Taylor Swift has made a point, not a new album.
In order to wrestle it from the clutches of Scooter Braun, the singer-songwriter has re-recorded, word for word and note for note, 2008’s Fearless.
It is a complicated backstory, but the crux of it is this: when she was 15, Swift signed a 13-year deal with record label Big Machine that gave them ownership over all her future master recordings. When she was 28 and one of the biggest pop stars on the planet, she signed a new deal with a different label, and Big Machine sold those rights to Scooter Braun, a man she claimed had bullied her for years.
Since 2019, Braun has had ownership of and control over Swift’s first six albums. “This is what happens when you sign a deal at 15 to someone for whom the term ‘loyalty’ is clearly just a contractual concept,” she wrote in a lengthy Instagram post at the time. “And when that man says ‘Music has value’, he means its value is beholden to men who had no part in creating it.” And so Swift announced her intention to re-record every single song that Braun now owned.
She has begun with her second album, Fearless. Pointedly named Fearless (Taylor’s Version), this is not a new take, remix or reimagining. Tracks such as the Romeo and Juliet-inspired country ballad “Love Story” and the lilting pop song “You Belong With Me” remain almost exactly the same, each banjo note, guitar chord and harmony painstakingly reconstructed. I had wondered if she might use the opportunity to tweak things here and there – “You Belong With Me” aims very un-2021 barbs at a love interest’s current girlfriend – but wisely, she has not tried to rewrite history.
This is the perfect moment for Fearless (Taylor’s Version): there’s no time like a pandemic to be given a dose of nostalgia, and it’s nice to have a refresher of some of the best pop songs committed to record. Even the six “from the vault” tracks that didn’t make the cut first time round feel oddly comforting. “We Were Happy”, with its strings, wistful guitar and lush harmonies (courtesy of Keith Urban), is just lovely. “Mr Perfectly Fine”, meanwhile, slots perfectly into the late-Noughties country pop vibe, helped along by the fact it was supposedly written about a months-long relationship with Joe Jonas (on Instagram, his now-wife Sophie Turner described the song as “not NOT a bop”). These new tracks allow Swift to unleash, for old time’s sake, that “mortally wronged-in-love” persona she wore so well but has quietly retired. She’s recruited shiny young popstars Olivia Rodrigo and Conan Grey in the album’s marketing campaign – a canny reminder that she is the godmother of Melodramatic Teenage Feelings.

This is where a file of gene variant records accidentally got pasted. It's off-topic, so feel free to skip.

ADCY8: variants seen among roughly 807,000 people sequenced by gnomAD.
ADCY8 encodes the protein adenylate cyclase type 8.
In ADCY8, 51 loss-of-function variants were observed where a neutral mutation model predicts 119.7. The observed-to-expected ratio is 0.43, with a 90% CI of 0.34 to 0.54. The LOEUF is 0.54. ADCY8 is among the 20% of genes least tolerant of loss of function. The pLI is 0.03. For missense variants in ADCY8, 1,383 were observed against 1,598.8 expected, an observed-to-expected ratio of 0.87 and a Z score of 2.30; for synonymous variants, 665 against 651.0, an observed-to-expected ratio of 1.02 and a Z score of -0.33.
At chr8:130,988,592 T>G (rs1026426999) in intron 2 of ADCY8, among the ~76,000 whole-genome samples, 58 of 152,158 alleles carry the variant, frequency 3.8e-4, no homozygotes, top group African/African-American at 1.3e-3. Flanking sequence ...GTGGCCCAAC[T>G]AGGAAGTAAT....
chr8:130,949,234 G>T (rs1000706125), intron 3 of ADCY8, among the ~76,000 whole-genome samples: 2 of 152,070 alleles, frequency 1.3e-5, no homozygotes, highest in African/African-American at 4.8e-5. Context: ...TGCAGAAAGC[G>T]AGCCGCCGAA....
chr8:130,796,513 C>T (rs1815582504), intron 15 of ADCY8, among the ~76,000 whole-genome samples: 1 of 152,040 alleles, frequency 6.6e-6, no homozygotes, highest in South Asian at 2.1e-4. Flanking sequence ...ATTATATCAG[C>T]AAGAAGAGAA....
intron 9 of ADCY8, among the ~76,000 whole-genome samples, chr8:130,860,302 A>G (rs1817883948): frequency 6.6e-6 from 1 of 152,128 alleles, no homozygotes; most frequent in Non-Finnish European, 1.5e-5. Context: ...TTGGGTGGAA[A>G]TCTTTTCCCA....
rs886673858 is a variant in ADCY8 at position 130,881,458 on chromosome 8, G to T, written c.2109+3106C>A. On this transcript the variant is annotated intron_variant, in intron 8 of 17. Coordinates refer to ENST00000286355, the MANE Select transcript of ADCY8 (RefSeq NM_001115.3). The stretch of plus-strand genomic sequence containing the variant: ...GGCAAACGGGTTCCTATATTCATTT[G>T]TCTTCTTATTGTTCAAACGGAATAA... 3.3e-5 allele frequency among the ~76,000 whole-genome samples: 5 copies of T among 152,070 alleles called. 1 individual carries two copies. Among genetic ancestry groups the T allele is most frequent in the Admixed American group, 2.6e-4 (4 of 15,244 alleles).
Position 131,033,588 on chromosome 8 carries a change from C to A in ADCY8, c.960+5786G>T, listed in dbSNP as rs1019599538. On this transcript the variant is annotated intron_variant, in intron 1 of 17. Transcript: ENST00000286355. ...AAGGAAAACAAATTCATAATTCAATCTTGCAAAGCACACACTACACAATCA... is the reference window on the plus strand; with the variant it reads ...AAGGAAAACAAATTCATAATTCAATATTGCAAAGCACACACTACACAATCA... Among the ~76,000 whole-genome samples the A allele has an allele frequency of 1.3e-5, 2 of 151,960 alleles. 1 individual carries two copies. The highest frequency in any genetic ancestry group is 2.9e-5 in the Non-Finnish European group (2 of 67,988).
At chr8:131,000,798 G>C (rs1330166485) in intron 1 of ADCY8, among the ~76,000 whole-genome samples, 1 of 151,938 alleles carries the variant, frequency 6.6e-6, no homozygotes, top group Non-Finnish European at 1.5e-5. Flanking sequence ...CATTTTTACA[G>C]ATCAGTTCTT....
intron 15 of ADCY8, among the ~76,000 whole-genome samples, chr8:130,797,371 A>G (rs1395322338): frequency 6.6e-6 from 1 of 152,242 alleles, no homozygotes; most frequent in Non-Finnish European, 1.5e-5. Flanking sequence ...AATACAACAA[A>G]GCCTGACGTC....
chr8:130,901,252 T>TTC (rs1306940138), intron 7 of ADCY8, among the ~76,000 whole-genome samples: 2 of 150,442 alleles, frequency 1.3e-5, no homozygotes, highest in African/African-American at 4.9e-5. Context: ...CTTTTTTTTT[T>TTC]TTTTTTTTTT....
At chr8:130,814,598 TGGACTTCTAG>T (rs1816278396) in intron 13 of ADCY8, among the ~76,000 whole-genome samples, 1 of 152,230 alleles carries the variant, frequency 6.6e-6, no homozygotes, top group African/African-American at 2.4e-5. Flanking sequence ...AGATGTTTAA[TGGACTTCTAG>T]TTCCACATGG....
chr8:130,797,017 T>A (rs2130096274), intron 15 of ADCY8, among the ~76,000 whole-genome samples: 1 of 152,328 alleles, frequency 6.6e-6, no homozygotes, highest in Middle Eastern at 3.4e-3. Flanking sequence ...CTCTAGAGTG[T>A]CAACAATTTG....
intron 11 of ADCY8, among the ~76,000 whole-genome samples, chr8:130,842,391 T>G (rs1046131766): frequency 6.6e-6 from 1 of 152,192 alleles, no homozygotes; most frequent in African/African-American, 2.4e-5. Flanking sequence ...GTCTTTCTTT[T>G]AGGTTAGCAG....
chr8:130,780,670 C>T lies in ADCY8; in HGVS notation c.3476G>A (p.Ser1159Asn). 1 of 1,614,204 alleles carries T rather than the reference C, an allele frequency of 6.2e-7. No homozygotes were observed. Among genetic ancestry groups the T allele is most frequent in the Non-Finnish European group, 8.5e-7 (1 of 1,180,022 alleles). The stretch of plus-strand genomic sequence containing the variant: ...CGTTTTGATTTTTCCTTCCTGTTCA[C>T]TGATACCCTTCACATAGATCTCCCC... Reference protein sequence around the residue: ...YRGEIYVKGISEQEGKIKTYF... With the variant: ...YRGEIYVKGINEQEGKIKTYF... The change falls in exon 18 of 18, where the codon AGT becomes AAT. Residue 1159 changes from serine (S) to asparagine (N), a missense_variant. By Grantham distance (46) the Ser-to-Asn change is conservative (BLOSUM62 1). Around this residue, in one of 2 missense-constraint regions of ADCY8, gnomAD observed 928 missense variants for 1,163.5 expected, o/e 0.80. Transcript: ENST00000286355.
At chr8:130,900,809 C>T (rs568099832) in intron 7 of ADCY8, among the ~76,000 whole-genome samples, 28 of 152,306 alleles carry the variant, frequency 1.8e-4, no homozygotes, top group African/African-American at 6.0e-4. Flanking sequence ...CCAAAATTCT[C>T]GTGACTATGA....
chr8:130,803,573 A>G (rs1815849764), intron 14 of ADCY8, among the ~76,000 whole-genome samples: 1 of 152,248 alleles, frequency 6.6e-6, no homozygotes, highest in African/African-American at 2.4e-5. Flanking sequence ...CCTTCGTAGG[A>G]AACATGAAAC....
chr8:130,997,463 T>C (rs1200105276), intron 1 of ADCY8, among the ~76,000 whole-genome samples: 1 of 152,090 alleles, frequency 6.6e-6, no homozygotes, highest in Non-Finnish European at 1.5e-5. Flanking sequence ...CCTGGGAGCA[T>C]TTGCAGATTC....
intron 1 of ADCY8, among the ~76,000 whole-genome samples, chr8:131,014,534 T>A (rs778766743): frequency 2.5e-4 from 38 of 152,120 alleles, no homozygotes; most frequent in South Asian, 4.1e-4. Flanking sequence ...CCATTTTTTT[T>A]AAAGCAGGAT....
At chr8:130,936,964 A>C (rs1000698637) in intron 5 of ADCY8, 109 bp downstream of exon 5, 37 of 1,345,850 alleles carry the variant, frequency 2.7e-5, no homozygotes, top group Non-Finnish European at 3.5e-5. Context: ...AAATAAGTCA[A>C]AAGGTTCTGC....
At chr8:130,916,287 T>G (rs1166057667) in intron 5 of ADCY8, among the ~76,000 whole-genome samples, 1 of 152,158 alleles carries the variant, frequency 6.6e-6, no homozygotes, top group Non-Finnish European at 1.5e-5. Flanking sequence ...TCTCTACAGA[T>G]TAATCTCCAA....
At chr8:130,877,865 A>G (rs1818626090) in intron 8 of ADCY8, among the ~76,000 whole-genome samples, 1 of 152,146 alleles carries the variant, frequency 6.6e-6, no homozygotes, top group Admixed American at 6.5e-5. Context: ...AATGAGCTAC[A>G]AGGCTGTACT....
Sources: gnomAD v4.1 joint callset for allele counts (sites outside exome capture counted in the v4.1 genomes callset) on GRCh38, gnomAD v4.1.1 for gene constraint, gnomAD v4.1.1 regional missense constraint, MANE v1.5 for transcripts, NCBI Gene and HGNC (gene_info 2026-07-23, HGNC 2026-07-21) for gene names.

When she was 57, Joni Mitchell re-recorded “Both Sides Now”, a song she wrote at 24. No longer sung in dulcet tones but in a husky rasp brought on by a lifetime of cigarettes, lines like “I’ve looked at life from both sides now/ From win and lose and still somehow/ It’s life’s illusions I recall/ I really don’t know life at all” took on a newfound poignancy. It would be a stretch to say the same has happened here, because Swift’s voice has remained almost exactly the same, but there is certainly an added layer to songs like “Fifteen”. “Wish you could go back and tell yourself what you know now,” she mused back then, at 18, and again now, at 31. “Back then, I swore I was gonna marry him someday/ But I realised some bigger dreams of mine.”
Only occasionally has something been lost in the re-recording process. Perhaps it’s because she has grown weary of it after thousands of renditions, but “Love Story” somehow lacks the wide-eyed spark of the original. If there’s a discernible difference, it’s that the build of the middle eight is a little less steep and a little less triumphant. But I’m splitting hairs. Swift has done what she set out to do.
There is a long history of women being locked into bad record deals that come to feel more like prison sentences: TLC; Kesha; Megan Thee Stallion; Toni Braxton; Kelly Clarkson. Maybe Swift is doing this for them, too. Bring on the next five.